Add more code or Markdown cells to your notebook. You can add a code cell after the very last cell, add a code cell or Markdown cell right after the selected cell, and insert a new cell after executing the selected cell. You can find these actions in themain menu item.
Let's put some
matplotlibcode to visualize the data frame of the first code cell.import matplotlib.pyplot as plt plt.pie(kernel_stats['total_count'], labels=kernel_stats['library']) plt.show()
Again, there is no need to preinstall
numpy. Use Alt+Enter to fix imports.
You can execute the code of the notebook cells in many ways using the icons on the Jupyter notebook toolbar, commands of the code cell context menu (right-click the code cell to open it), and thecommands of the main menu.
Once you’ve executed the cell, its output is shown below the code. You can click Open in new tab to preview tabular data in a separate tab of the editor.
Note that when you work with local notebooks, you don’t need to launch any Jupyter server in advance: just execute any cell and the server will be launched.
The Jupyter tool window shows the execution status. the current values of the variables in the Variables tab. You can preview the variables declared in your code in the Jupyter Variables tool windows.
Now execute the second cell. Its code depends on a variable from the first cell, so the order of cell execution is important.
You can copy the built plot or save it as an image. To execute all cells, click on the notebook toolbar.
Click the gutter (the leftmost space in the editor) to set the breakpoints in the selected cell.
Press Shift+Alt+Enter for Windows/Linux or ⌥⇧⏎ for macOS. To debug the entire notebook, select from the main menu.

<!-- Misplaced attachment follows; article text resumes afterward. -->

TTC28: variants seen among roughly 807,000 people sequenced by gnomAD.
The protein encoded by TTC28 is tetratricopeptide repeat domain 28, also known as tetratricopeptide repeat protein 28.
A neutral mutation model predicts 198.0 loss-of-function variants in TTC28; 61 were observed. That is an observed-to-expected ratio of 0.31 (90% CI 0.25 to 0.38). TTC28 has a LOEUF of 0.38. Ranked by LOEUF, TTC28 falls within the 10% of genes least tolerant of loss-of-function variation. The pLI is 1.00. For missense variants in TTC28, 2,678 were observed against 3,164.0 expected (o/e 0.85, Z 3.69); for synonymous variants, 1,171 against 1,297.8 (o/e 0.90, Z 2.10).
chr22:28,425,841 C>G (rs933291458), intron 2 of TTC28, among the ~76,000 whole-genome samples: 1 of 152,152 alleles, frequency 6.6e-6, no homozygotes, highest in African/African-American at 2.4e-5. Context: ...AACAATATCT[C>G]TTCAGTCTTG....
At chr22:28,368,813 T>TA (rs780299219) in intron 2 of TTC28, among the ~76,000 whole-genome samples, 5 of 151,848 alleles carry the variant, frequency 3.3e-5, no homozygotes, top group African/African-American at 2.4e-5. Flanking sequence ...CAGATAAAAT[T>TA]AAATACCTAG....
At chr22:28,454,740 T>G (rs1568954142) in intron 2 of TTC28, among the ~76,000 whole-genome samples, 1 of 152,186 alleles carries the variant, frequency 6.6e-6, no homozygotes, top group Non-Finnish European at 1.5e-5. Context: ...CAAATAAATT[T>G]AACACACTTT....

Use the stepping toolbar buttons to choose on which line you want to stop next and switch to the Debugger tool window to preview the variable values.
You can run notebooks on different servers and kernels. You work with two types of Jupyter servers: configured and managed:
Managed servers are automatically launched by DataSpell for the current project. They are terminated when you close DataSpell.
Configured servers. You connect to these servers by specifying its URL and token. You can connect to a local or remote Jupyter server.
When you launch any Jupyter server, by default it uses the current project interpreter and the automatically selected port. However, you can select any other interpreter available in your DataSpell instance and specify an alternative port. You can also connect to any configured server if you know its URL and token.
To open the server settings, select Configure Jupyter Server in the list of the Jupyter servers on the Jupyter notebook toolbar.
To connect to any running Jupyter server, select Configured Server and specify the server's path including a URL and a token.
In the Jupyter toolbar, from the list of the servers, select Switch to the current Jupyter Server to explicitly switch to the configured server.
See Manage Jupyter notebook servers for more details.
Tune your working environment